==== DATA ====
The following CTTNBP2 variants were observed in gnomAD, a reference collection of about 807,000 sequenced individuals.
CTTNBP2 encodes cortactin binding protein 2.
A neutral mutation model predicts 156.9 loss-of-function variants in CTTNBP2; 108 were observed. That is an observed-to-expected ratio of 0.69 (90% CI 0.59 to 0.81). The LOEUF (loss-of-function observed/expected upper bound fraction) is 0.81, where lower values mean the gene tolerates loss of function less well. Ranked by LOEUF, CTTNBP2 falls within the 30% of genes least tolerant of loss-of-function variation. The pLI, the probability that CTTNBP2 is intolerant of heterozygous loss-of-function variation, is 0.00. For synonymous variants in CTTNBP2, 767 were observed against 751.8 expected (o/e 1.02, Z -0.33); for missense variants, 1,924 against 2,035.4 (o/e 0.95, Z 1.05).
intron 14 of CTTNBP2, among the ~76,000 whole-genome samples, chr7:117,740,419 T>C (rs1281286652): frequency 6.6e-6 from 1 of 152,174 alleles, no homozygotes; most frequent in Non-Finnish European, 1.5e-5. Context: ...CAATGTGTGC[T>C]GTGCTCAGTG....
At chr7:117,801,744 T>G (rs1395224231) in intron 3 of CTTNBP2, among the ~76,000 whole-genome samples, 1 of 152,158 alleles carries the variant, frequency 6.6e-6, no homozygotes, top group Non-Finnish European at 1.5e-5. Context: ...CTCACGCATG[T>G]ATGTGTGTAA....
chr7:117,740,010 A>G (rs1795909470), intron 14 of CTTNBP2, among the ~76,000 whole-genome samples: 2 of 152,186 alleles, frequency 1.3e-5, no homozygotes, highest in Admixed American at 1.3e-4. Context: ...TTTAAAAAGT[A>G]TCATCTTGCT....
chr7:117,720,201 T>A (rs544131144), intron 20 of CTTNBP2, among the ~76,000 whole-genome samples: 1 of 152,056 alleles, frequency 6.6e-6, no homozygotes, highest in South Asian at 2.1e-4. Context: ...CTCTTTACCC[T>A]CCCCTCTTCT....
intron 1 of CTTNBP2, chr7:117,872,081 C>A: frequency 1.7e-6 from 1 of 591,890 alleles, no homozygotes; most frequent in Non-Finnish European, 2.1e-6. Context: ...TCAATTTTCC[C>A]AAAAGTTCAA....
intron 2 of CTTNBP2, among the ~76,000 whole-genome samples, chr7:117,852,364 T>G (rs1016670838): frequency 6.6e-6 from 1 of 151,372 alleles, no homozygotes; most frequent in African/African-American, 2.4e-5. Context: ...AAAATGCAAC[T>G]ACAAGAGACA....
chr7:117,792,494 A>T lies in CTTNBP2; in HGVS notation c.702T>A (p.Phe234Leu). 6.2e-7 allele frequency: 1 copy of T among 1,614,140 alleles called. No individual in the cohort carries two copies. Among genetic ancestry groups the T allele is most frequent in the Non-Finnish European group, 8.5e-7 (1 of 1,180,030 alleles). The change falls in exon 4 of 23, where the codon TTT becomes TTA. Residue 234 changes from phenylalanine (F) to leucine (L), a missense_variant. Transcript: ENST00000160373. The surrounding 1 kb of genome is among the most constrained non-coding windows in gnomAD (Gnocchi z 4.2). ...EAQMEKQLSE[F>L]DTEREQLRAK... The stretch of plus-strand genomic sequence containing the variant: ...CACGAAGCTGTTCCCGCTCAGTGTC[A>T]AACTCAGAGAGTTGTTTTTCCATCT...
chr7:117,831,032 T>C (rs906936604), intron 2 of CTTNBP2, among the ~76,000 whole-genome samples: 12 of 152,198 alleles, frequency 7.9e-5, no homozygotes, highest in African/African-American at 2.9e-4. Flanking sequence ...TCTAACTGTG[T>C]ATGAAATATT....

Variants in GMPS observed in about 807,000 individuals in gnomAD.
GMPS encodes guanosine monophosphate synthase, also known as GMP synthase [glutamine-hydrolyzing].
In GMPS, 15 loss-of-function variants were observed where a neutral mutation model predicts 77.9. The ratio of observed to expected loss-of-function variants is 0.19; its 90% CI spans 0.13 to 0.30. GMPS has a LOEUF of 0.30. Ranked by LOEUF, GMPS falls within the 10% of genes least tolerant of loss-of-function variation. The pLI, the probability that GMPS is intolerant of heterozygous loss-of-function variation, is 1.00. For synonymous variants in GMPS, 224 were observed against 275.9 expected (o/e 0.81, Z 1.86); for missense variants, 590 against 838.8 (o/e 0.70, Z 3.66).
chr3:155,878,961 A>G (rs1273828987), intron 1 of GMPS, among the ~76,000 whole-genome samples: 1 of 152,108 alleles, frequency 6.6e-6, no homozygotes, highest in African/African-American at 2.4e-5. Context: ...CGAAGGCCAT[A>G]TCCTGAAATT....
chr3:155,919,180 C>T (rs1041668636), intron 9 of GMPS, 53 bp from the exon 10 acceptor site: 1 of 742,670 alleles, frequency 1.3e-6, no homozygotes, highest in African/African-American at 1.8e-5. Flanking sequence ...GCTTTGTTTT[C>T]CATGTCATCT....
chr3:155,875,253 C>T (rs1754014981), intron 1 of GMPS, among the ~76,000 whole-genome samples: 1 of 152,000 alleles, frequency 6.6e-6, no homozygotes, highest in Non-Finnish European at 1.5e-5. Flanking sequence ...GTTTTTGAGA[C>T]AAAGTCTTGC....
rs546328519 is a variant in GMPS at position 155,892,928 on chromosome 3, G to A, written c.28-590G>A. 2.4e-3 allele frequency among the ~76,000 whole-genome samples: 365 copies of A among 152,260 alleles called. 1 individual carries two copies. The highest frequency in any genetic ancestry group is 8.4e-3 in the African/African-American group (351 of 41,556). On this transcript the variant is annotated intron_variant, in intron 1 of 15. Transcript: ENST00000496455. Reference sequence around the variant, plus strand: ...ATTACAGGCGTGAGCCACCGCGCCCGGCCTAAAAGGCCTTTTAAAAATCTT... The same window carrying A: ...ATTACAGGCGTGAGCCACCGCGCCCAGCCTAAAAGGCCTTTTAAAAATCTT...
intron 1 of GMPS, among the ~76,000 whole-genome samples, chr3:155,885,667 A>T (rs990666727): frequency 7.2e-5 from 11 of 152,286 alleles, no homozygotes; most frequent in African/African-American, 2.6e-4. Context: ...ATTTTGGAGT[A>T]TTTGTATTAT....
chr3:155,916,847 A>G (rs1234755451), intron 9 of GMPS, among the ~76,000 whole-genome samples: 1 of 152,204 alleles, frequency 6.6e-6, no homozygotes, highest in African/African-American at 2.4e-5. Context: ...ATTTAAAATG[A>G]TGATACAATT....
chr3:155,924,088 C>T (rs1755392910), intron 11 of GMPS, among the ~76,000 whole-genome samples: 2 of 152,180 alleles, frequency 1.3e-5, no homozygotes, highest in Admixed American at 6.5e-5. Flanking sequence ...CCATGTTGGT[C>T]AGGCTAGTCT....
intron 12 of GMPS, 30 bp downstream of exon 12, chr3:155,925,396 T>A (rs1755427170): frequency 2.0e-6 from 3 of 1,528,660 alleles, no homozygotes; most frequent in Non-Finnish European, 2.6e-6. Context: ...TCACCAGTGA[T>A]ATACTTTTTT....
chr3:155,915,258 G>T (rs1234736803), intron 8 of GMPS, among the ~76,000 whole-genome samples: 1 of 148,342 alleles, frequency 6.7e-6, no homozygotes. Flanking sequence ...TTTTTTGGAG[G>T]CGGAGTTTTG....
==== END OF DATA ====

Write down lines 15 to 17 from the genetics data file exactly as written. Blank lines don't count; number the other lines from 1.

chr3:155,878,961 A>G (rs1273828987), intron 1 of GMPS, among the ~76,000 whole-genome samples: 1 of 152,108 alleles, frequency 6.6e-6, no homozygotes, highest in African/African-American at 2.4e-5. Context: ...CGAAGGCCAT[A>G]TCCTGAAATT....
chr3:155,919,180 C>T (rs1041668636), intron 9 of GMPS, 53 bp from the exon 10 acceptor site: 1 of 742,670 alleles, frequency 1.3e-6, no homozygotes, highest in African/African-American at 1.8e-5. Flanking sequence ...GCTTTGTTTT[C>T]CATGTCATCT....
chr3:155,875,253 C>T (rs1754014981), intron 1 of GMPS, among the ~76,000 whole-genome samples: 1 of 152,000 alleles, frequency 6.6e-6, no homozygotes, highest in Non-Finnish European at 1.5e-5. Flanking sequence ...GTTTTTGAGA[C>T]AAAGTCTTGC....